I’ve had some teachers tell me there’s no point in even having kids attempt to do Shakespeare–insisting that it’s all over the heads of kids and adding that performing it requires life-experience kids simply don’t have yet. Well, these kids seemed to understand the material just fine.
And while some great Shakespearian roles—like Hamlet, Macbeth, King Lear—obviously do require greater life experience, As You Like It is actually an excellent play for younger actors (as these kids proved). It deals with young love and unrequited love and love that has to overcome barriers; and teens certainly understand these feelings. And they brought their understandings of these things to the stage.
Imogen Williams, in the leading female role, “Rosalind,” was just wonderful. It’s a terrific role—a dual role, actually, because she also has to dress as a guy (“Ganymede”) for much of the play, and convince everyone around her that she is a guy. And project a bit of mock-macho attitude. And Imogen Williams was thoroughly winning in both characterizations—as the girl who loves a guy but does not know if that can ever work out—and as “Ganymede,” trying to convince others that she’s a guy, and also trying to find out how the guy she likes, “Orlando” (Declan Schmidt) feels about her.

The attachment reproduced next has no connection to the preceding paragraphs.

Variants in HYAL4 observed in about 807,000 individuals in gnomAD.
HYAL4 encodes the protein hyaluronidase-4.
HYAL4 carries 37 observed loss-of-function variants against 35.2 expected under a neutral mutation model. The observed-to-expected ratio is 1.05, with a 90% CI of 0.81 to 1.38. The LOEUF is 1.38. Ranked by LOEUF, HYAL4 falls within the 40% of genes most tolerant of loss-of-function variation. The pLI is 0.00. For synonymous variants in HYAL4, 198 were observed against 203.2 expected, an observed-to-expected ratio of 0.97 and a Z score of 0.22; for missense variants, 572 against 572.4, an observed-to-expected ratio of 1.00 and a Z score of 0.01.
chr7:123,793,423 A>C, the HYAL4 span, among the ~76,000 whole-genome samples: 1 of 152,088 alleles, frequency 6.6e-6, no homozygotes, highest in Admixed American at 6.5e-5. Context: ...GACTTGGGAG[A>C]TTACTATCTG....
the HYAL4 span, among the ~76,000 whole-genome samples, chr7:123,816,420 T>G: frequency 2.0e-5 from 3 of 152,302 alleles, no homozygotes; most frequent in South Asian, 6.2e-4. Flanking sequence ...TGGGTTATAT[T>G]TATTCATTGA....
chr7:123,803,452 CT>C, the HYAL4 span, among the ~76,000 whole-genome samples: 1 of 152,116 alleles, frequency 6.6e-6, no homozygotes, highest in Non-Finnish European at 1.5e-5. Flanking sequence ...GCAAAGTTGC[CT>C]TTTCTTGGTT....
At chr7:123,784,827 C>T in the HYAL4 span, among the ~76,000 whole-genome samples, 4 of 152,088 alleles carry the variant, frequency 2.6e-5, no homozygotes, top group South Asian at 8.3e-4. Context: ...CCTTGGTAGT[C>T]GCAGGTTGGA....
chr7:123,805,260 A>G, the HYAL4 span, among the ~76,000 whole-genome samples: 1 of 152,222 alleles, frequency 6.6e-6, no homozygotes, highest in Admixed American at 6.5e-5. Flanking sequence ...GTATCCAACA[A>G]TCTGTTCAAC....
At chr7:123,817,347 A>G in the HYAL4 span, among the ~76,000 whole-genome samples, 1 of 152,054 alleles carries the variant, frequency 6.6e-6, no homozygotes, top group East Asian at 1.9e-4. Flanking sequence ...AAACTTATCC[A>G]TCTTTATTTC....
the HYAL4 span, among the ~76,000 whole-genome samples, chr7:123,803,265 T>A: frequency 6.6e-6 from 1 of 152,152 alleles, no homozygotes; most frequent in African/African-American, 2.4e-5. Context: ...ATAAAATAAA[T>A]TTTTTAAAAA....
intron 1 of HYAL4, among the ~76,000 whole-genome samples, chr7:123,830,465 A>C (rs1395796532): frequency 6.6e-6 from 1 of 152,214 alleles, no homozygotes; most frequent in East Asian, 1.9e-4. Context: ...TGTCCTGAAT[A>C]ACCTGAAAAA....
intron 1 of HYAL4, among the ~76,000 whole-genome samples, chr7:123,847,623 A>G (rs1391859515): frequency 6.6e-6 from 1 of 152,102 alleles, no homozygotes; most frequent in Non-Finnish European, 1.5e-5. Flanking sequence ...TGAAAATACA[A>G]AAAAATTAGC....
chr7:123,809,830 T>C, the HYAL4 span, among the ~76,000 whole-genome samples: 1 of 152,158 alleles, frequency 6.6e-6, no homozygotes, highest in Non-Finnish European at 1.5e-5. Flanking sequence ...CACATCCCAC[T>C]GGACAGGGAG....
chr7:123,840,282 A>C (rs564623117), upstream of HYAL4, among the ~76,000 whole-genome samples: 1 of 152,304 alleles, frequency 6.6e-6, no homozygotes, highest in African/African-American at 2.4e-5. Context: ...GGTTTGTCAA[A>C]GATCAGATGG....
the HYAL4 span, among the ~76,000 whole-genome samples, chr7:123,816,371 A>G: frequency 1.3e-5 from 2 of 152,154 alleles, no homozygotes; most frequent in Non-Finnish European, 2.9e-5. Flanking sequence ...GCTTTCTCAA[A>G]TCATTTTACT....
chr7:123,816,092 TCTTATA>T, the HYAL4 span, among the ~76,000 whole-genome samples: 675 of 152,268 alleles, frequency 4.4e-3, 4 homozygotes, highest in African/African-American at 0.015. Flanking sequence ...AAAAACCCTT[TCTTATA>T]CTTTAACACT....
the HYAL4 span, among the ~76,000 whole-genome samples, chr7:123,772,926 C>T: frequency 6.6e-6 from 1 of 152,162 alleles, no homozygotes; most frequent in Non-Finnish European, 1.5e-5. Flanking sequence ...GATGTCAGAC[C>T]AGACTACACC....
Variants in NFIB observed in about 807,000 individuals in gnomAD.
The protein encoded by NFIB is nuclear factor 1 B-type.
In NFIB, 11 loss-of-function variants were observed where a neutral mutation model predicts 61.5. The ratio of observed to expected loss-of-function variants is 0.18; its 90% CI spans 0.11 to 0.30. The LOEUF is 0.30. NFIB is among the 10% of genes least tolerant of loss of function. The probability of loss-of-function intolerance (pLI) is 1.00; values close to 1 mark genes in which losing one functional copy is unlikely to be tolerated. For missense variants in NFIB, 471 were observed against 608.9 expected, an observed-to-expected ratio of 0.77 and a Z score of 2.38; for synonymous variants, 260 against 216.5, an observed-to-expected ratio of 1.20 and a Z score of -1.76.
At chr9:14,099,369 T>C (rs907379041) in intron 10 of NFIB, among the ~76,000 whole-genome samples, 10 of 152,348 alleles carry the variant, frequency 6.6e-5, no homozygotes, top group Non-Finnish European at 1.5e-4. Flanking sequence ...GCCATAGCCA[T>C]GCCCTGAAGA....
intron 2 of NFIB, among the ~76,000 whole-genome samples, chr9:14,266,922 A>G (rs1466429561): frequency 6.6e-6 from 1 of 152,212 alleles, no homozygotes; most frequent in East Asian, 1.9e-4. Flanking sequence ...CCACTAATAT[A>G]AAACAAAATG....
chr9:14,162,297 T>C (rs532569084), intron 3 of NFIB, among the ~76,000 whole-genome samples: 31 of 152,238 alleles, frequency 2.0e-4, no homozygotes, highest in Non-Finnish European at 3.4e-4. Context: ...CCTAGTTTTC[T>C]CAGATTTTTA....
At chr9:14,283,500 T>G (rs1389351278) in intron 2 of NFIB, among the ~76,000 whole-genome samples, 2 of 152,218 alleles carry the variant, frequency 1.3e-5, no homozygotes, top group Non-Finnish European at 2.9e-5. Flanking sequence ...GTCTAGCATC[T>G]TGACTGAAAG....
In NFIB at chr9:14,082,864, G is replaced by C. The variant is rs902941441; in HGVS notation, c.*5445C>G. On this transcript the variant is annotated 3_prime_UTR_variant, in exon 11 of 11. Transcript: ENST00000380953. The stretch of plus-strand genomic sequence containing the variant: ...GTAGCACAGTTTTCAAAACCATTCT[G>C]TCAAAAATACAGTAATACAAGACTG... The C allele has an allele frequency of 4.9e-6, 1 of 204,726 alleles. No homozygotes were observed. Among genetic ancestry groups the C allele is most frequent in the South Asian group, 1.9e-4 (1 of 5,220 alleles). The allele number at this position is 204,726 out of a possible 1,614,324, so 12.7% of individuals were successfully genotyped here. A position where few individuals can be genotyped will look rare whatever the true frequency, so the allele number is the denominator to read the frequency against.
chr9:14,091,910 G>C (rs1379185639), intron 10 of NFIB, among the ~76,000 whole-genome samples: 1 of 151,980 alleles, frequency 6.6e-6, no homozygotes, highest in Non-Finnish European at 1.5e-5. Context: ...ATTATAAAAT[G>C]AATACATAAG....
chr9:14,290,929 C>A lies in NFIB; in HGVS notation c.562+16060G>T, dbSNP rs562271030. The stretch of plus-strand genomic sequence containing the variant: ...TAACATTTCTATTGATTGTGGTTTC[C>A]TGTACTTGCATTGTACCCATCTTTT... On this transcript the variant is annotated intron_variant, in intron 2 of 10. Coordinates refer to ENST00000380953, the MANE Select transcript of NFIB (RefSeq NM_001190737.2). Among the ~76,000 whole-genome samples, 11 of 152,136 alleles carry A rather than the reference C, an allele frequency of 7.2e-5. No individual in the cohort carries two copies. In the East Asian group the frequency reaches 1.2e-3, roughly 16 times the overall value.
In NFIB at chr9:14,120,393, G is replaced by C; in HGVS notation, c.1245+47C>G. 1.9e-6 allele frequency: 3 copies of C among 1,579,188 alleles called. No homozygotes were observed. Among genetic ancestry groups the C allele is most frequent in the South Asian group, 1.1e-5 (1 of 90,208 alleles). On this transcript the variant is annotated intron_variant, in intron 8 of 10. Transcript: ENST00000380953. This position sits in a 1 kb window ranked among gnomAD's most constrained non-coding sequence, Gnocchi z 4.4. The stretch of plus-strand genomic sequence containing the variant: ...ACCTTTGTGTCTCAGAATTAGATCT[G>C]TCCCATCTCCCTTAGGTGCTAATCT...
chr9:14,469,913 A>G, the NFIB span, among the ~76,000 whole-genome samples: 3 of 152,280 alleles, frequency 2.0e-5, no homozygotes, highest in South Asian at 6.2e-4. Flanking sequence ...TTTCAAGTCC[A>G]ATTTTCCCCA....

She was right on the money in both roles—sweet and eager, and appropriately funny, too, at times. And crushing on the guy she likes just the way a girl in high school might. The kids played the emotions so well, the play felt unexpectedly contemporary. And it was easy to enjoy. (I also couldn’t help thinking, as she carried off so well the guy’s role, of some narrow-minded right-wing politicians who rail against anything connected with cross-dressing these days; if such bigots had their way, performing this classic play would be illegal.)
Declan Schmidt was stalwart in the leading male role of the play, “Orlando.” It’s not quite as interesting or nuanced a role as that of “Rosalind”/”Ganymede.” (That’s not Schmidt’s fault; it’s just the way Shakespeare wrote the role.) The ardent, heroic “Orlando” is more of a one-note kind of a role, but Schmidt played that note just fine. The virtuous upstanding hero—who’s so smitten with Rosalind that he writes his love for her on one piece of paper after another, nailing his missives to the trees! (I just love it!)
I had no idea who I might see in this production when I entered the building. I was going to the only performance that fit my schedule this week. I happened to wind up seeing the “Orange Cast” for the production; I wished I could have gone again to also see the “Blue Cast” do As You Like It. (According to the program, the Blue Cast had Daniel Stowe—whose past work I’ve very much enjoyed—as “Orlando”; I would have liked seeing him again and it would have been fun seeing how two different actors handled the same role; maybe I’ll be able to catch him in something next year.)
I enjoyed seeing various youths in the cast make the most of their roles—such as Travis Saccenti as a young shepherd in love, and Annie Sullivan as a disdainful shepherdess, and Artem Lakhtikov as a country youth in love with a goat-keeper, played by Maya De La Torre.